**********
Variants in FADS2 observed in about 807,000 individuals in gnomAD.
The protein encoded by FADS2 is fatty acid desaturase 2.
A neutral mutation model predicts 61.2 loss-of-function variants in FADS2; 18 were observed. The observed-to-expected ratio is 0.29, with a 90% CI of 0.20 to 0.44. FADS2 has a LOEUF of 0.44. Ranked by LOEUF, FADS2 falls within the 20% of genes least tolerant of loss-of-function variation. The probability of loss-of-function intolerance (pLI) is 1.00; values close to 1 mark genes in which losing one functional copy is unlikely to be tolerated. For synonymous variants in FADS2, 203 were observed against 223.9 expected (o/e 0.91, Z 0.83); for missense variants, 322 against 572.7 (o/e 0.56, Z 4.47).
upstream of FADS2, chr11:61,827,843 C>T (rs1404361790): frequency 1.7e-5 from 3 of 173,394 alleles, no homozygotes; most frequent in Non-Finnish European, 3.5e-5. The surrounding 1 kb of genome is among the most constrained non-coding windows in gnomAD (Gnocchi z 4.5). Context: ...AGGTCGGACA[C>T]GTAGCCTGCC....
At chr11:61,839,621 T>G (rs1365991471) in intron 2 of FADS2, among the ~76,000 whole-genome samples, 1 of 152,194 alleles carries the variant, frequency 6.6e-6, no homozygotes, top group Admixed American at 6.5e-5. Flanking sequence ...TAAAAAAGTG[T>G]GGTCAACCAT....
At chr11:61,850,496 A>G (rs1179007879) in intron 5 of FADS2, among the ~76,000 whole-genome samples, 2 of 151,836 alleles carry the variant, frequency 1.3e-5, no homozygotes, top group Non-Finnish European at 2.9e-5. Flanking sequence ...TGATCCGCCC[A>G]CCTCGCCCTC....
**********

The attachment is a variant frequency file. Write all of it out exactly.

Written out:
Variants in FADS2 observed in about 807,000 individuals in gnomAD.
The protein encoded by FADS2 is fatty acid desaturase 2.
A neutral mutation model predicts 61.2 loss-of-function variants in FADS2; 18 were observed. The observed-to-expected ratio is 0.29, with a 90% CI of 0.20 to 0.44. FADS2 has a LOEUF of 0.44. Ranked by LOEUF, FADS2 falls within the 20% of genes least tolerant of loss-of-function variation. The probability of loss-of-function intolerance (pLI) is 1.00; values close to 1 mark genes in which losing one functional copy is unlikely to be tolerated. For synonymous variants in FADS2, 203 were observed against 223.9 expected (o/e 0.91, Z 0.83); for missense variants, 322 against 572.7 (o/e 0.56, Z 4.47).
upstream of FADS2, chr11:61,827,843 C>T (rs1404361790): frequency 1.7e-5 from 3 of 173,394 alleles, no homozygotes; most frequent in Non-Finnish European, 3.5e-5. The surrounding 1 kb of genome is among the most constrained non-coding windows in gnomAD (Gnocchi z 4.5). Context: ...AGGTCGGACA[C>T]GTAGCCTGCC....
At chr11:61,839,621 T>G (rs1365991471) in intron 2 of FADS2, among the ~76,000 whole-genome samples, 1 of 152,194 alleles carries the variant, frequency 6.6e-6, no homozygotes, top group Admixed American at 6.5e-5. Flanking sequence ...TAAAAAAGTG[T>G]GGTCAACCAT....
At chr11:61,850,496 A>G (rs1179007879) in intron 5 of FADS2, among the ~76,000 whole-genome samples, 2 of 151,836 alleles carry the variant, frequency 1.3e-5, no homozygotes, top group Non-Finnish European at 2.9e-5. Flanking sequence ...TGATCCGCCC[A>G]CCTCGCCCTC....